Rates on the agenda for council candidates

Ararat Rural City Council and Northern Grampians Shire Council candidates have struck a balance between promising to deliver better council services and ensuring rates are capped ahead of the 2016 elections.

Most residents in the municipalities should have received their ballots by now and had the chance to think about who they want to represent them on council for the next four years.

With candidate profiles available on the Victorian Electoral Commission website residents must now vote for the open positions available on each council.

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What voters should ask themselves is what is the most important issue facing the Ararat and district community?

Rate capping is no doubt a popular policy, which is why so many candidates are often keen to promise keeping rates as low as possible, but there are other things to consider as well.

Rate capping has the potential to affect council’s ability to deliver services.

Many council programs are not delivered by any other organisations with seniors relying particularly on services like the library or Meals on Wheels.

Some candidates promised to ensure rate capping does not affect road quality across the district.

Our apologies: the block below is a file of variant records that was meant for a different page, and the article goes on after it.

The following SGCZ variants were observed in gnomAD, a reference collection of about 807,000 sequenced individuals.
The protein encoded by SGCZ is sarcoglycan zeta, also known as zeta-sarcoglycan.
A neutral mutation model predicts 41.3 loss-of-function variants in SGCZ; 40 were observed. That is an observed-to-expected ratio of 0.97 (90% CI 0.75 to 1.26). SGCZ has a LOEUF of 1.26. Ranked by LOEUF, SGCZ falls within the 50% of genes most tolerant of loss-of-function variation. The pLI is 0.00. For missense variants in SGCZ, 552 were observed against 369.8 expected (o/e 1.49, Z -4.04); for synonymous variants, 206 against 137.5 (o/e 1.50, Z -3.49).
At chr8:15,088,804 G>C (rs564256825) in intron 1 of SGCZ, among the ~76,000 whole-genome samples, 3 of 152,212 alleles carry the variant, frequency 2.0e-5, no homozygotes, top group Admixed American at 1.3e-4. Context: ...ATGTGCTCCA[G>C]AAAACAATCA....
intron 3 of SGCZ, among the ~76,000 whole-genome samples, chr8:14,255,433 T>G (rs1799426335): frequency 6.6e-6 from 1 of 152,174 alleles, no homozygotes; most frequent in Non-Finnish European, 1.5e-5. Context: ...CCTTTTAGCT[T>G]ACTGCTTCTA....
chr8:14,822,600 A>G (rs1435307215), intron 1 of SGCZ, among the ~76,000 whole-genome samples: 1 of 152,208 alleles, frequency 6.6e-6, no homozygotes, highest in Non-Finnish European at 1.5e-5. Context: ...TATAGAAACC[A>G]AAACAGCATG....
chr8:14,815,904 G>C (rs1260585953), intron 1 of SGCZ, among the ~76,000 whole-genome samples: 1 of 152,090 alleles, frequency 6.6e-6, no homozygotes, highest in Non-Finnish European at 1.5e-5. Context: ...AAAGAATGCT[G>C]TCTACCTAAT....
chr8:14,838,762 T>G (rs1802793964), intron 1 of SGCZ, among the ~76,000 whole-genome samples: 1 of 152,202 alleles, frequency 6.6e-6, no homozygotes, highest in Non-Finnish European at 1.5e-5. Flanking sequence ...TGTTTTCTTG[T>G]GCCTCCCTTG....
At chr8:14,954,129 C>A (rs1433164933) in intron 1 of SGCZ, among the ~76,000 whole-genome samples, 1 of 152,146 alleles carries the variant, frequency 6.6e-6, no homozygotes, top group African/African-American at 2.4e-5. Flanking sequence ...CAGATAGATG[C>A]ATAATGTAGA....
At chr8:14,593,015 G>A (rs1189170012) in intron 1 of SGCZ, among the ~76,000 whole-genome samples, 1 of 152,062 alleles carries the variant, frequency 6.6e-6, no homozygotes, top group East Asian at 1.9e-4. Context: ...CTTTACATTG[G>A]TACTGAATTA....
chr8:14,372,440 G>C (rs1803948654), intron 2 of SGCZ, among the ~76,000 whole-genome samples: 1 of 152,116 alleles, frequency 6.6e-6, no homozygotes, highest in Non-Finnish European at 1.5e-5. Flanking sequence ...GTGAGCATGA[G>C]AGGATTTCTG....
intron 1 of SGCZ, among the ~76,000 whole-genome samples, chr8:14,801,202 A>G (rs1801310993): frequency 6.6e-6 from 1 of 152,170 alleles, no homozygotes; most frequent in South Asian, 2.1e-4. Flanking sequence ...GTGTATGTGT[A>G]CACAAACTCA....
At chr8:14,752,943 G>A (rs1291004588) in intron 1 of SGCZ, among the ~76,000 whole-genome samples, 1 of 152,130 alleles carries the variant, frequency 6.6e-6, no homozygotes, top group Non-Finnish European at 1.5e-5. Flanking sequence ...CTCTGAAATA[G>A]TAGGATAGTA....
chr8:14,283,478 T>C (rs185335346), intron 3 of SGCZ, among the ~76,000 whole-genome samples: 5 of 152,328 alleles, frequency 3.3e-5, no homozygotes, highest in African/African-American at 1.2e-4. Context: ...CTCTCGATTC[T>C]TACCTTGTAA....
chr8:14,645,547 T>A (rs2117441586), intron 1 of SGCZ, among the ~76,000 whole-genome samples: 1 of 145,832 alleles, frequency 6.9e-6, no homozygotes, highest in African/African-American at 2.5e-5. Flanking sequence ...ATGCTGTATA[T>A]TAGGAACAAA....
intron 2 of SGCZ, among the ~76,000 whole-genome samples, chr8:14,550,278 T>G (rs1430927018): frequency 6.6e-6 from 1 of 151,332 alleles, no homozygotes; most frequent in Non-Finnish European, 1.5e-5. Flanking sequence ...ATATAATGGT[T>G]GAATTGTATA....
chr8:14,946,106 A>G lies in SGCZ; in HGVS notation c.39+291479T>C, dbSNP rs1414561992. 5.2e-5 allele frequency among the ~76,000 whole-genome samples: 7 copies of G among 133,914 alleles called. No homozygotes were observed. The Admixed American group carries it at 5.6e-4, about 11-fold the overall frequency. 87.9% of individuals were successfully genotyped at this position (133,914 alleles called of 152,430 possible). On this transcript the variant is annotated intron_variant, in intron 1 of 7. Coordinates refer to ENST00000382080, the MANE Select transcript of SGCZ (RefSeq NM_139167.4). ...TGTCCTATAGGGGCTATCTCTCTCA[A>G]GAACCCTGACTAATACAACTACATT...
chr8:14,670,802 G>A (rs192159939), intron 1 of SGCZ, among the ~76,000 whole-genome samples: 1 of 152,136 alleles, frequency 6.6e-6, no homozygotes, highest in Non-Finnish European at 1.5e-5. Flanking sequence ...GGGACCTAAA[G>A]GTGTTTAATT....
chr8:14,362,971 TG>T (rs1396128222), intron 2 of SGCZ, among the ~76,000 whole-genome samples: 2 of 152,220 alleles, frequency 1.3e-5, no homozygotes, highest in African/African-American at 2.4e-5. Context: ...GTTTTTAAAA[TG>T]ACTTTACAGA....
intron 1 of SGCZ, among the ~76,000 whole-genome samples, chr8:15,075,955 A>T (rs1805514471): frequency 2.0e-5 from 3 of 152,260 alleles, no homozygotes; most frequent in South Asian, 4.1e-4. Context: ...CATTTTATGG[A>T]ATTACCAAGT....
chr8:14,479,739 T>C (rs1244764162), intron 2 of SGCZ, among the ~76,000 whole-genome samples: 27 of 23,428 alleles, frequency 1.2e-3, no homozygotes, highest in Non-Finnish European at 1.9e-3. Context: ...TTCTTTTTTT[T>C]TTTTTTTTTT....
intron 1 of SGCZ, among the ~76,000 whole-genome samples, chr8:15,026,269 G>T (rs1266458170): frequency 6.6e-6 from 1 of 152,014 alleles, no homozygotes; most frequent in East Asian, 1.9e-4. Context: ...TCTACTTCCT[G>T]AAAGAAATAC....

It will be a tough task however.

Successive cuts by state and federal government’s to council’s road budget have made maintaining roads even tougher for regional council’s with large networks to resurface each year.

The heavy rain and flooding across the Grampians region in September and October have only served to make the problem worse.

Pot holes have appeared across the district and it is not just on the smaller roads either. Sections of the Western Highway have also been affected by the harsh weather.

Striking the balance between rate capping and supporting services is a fine line that can be tough to thread.

Attracting industry and jobs was another big agenda item for some candidates. Whether it be through tourism or businesses, council plays a leading role in developing opportunities for wealth to increase in regional towns.

Finally another common theme was local government transparency, but the best chance for residents to decide that direction now lies with their ballot paper.

​- Jeremy Venosta

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